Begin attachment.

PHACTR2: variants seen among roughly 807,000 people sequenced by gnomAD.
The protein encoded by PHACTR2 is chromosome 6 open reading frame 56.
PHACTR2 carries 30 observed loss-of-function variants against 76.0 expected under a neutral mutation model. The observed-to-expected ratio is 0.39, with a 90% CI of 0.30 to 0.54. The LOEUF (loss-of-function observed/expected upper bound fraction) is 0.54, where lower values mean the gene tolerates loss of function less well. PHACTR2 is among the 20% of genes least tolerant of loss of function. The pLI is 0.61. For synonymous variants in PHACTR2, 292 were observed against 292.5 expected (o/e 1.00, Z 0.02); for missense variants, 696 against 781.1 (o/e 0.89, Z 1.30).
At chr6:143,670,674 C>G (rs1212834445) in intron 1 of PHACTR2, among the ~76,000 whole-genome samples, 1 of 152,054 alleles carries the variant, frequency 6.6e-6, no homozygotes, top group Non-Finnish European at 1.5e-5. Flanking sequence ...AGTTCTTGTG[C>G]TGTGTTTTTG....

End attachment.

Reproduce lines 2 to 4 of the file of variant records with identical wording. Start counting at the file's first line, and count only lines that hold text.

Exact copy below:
The protein encoded by PHACTR2 is chromosome 6 open reading frame 56.
PHACTR2 carries 30 observed loss-of-function variants against 76.0 expected under a neutral mutation model. The observed-to-expected ratio is 0.39, with a 90% CI of 0.30 to 0.54. The LOEUF (loss-of-function observed/expected upper bound fraction) is 0.54, where lower values mean the gene tolerates loss of function less well. PHACTR2 is among the 20% of genes least tolerant of loss of function. The pLI is 0.61. For synonymous variants in PHACTR2, 292 were observed against 292.5 expected (o/e 1.00, Z 0.02); for missense variants, 696 against 781.1 (o/e 0.89, Z 1.30).
At chr6:143,670,674 C>G (rs1212834445) in intron 1 of PHACTR2, among the ~76,000 whole-genome samples, 1 of 152,054 alleles carries the variant, frequency 6.6e-6, no homozygotes, top group Non-Finnish European at 1.5e-5. Flanking sequence ...AGTTCTTGTG[C>G]TGTGTTTTTG....